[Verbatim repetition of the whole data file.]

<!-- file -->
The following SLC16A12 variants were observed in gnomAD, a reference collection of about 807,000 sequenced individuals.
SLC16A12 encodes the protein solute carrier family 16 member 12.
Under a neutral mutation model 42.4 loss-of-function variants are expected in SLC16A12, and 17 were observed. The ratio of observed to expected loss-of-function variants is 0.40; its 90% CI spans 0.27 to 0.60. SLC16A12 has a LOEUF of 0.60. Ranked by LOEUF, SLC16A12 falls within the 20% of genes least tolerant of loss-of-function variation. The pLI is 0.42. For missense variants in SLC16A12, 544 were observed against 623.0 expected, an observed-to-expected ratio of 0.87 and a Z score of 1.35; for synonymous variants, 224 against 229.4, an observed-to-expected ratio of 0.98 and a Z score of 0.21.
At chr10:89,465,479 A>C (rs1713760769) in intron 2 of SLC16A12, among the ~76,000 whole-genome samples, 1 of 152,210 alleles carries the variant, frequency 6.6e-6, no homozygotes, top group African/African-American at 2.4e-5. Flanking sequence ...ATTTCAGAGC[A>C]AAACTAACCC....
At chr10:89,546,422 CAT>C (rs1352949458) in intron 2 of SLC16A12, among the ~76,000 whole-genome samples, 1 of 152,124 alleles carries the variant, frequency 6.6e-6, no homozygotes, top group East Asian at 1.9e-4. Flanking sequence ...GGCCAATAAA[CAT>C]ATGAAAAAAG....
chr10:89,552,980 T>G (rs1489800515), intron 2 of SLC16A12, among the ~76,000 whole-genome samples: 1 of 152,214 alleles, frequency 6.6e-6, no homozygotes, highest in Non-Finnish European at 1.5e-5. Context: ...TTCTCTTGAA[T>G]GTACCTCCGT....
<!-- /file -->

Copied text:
The following SLC16A12 variants were observed in gnomAD, a reference collection of about 807,000 sequenced individuals.
SLC16A12 encodes the protein solute carrier family 16 member 12.
Under a neutral mutation model 42.4 loss-of-function variants are expected in SLC16A12, and 17 were observed. The ratio of observed to expected loss-of-function variants is 0.40; its 90% CI spans 0.27 to 0.60. SLC16A12 has a LOEUF of 0.60. Ranked by LOEUF, SLC16A12 falls within the 20% of genes least tolerant of loss-of-function variation. The pLI is 0.42. For missense variants in SLC16A12, 544 were observed against 623.0 expected, an observed-to-expected ratio of 0.87 and a Z score of 1.35; for synonymous variants, 224 against 229.4, an observed-to-expected ratio of 0.98 and a Z score of 0.21.
At chr10:89,465,479 A>C (rs1713760769) in intron 2 of SLC16A12, among the ~76,000 whole-genome samples, 1 of 152,210 alleles carries the variant, frequency 6.6e-6, no homozygotes, top group African/African-American at 2.4e-5. Flanking sequence ...ATTTCAGAGC[A>C]AAACTAACCC....
At chr10:89,546,422 CAT>C (rs1352949458) in intron 2 of SLC16A12, among the ~76,000 whole-genome samples, 1 of 152,124 alleles carries the variant, frequency 6.6e-6, no homozygotes, top group East Asian at 1.9e-4. Flanking sequence ...GGCCAATAAA[CAT>C]ATGAAAAAAG....
chr10:89,552,980 T>G (rs1489800515), intron 2 of SLC16A12, among the ~76,000 whole-genome samples: 1 of 152,214 alleles, frequency 6.6e-6, no homozygotes, highest in Non-Finnish European at 1.5e-5. Context: ...TTCTCTTGAA[T>G]GTACCTCCGT....